Essie Adkins White, now deceased, gives this description of this home. "My grandfather, Winright Adkins, lived at Winright, Kentucky. He had a farm house, with three large rooms upstairs, a front porch and back porch upstairs, straight across, English style, and a large back porch. He had a large barn, a large grainery (crib) with a driveway between the cribs, a pear and apple orchard above the barn. An apple house and root cellar were located below the barn. A large spring house was also on this property that you had to step down to get the water".

The spring house and spring are still there at this writing (1988). [55]

Winston Adkins, as were his sons, Peter and Joseph, were members of the Raccoon Creek Baptist Church and indicated in the church records in the year 1848. We assume these people rode horseback up Lower Pompey Creek and across the hill down into Raccoon Creek to attend church meetings. All three obtained their church letters and moved them to the 'river' at Millard, Kentucky, c.1851, where they helped to establish a branch or 'arm' from the Raccoon Creek Baptist Church. This church was a log house structure and was located at the mouth of 'Biggs Branch' or on the spot where the 'Pollyanna' drive in theater now stands [1988]. Land for this building was given by Peter Adkins.

Records show that all did not go well with the newly established church. Two of the elders or preachers engaged in a fight in the preaching stands or pulpit. The following poem/song is about the fight at this church. It is often referred to as the 'Conway Song', reported to have been written by some Justice [family] people that lived nearby. It became very popular with the local people at this time period:

"The Conway Song"

We had a fight the other day
Between Joe Slone and Conway
You ought to have heard old Tommy rare
When Joe began to pull his hair

Abner cried it wasn't fair
For Joe Slone to pull Tom's hair
But Blackburn said "Now pull away,
For Joe must whip old Conway"

Daniel Blackburn came running quick
As he held tight a poking stick
I'll kill you, Joe, I do declare
If you don't quit pulling Tommy's hair

Tom said "Joe, I'll take your life!"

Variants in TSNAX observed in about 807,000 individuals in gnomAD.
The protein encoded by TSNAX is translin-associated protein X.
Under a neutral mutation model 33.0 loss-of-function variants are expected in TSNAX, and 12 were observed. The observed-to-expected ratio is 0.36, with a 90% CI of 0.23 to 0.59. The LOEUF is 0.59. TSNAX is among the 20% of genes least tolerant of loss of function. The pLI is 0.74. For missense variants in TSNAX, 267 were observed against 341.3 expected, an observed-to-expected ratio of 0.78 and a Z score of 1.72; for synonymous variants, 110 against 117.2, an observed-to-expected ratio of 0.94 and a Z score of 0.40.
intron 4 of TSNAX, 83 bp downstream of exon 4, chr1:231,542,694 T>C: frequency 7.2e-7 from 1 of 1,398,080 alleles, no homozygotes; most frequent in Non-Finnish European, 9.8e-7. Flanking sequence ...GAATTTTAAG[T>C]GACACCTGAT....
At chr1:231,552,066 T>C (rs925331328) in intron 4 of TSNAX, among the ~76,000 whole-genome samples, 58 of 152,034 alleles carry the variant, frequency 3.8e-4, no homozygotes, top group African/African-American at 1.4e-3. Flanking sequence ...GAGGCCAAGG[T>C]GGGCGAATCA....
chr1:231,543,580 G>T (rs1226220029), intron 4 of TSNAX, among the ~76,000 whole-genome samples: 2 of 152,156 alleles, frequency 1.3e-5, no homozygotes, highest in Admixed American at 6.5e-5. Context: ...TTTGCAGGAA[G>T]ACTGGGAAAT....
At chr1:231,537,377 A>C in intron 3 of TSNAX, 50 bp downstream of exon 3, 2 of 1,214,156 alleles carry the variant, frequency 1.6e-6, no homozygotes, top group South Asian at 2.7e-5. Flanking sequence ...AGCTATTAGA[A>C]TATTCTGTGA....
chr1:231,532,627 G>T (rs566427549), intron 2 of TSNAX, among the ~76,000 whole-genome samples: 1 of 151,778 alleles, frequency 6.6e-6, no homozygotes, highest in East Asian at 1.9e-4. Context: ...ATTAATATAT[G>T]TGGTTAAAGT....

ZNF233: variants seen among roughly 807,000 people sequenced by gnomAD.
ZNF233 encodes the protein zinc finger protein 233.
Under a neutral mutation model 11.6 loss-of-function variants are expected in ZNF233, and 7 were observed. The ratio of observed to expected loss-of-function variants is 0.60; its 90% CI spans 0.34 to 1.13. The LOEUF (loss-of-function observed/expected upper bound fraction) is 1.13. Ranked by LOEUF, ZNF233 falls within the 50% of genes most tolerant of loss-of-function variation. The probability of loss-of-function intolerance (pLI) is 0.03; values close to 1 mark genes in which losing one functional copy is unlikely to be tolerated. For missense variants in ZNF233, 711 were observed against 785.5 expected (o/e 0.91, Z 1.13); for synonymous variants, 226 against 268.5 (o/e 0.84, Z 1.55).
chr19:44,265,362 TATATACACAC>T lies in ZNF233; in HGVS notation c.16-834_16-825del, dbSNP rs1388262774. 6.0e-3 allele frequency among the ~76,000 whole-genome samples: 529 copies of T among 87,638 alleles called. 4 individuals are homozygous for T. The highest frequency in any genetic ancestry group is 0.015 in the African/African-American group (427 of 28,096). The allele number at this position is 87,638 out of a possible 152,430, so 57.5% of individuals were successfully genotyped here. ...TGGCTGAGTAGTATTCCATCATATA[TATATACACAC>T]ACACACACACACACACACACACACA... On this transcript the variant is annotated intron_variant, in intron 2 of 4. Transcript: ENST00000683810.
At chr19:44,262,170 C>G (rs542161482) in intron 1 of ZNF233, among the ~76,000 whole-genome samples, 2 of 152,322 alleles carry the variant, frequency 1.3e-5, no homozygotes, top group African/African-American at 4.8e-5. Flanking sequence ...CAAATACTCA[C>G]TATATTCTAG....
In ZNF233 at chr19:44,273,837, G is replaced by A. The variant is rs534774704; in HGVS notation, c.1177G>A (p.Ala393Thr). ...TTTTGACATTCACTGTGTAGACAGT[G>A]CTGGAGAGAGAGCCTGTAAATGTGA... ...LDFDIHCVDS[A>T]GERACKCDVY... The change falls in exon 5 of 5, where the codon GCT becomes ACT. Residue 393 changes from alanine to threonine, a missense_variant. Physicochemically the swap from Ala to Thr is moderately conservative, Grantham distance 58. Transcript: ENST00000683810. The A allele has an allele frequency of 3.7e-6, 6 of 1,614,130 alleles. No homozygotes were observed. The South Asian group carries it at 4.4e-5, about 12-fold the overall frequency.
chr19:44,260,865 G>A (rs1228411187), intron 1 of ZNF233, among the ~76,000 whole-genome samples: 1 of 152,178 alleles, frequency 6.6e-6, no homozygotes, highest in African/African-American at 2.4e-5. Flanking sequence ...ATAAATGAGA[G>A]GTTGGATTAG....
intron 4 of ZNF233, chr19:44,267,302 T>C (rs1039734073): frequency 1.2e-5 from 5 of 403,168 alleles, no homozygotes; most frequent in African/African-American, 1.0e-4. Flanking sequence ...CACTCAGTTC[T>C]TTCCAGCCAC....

And out he pulled his Barlow knife
Mitch said "Tommy, don't you know
You musn't kill the preacher Joe".

Old Mrs. Daniels began to cry
When she heard that Joe must die
Old Peter Adkins began to pray
And away went Flem with Tom Conway

Now the war is over, and Joe's not dead
But Tommy has a real sore head
A warning take by this, I say -
Don't wear your hair like Conway

Heaven's a high and lofty place
You can't get there without free grace
Tommy wants to go alone
Since he can't fellowship Joe Slone

Time is short - it won't be long
When Tom will join that ransomed throng
Put on his wings and he'll fly home
And leave behind poor Joe Slone

When Tom gets on his robe and crown
Oh, then, you'll see him strut around
For he'll tell Joe to stay away
Since it all belongs to [Tom] Conway [55]

Note on the poem:
Daniel Blackburn was a church member.
Mitch Slone was a church member and preacher.
Old Mrs. Daniels - was Elizabeth Adkins Daniels, a daughter of Winston Adkins and a sister to Peter and Joseph Adkins.
Peter Adkins was a church member and a preacher in this church.

The exact death dates of Winston ADKINS and Hannah COLEMAN ADKINS are not known. According to my grandmother, Elizabeth ADKINS, daughter of Winston and Hannah, Winston died about a year before my father and his twin sister, Eliza was born in 1886.

Winston is buried in the Adkins cemetery at Winright, Kentucky, just above my grandmother, Elizabeth. Hannah is said to have died c.1888, and is buried in the Coleman cemetery on Marrowbone Creek.

Neither of these two people have permanent stones or markers to indicate their final resting places. [55]


55.  Book, Joseph T Daniels, 1988, Adkins of Eastern Kentucky and surrounding areas, Private publication, Library of Congress LC control #:88194814
72.  Email, Sarah Dawn, 4 January 2007

Family record last updated: 21 March 2023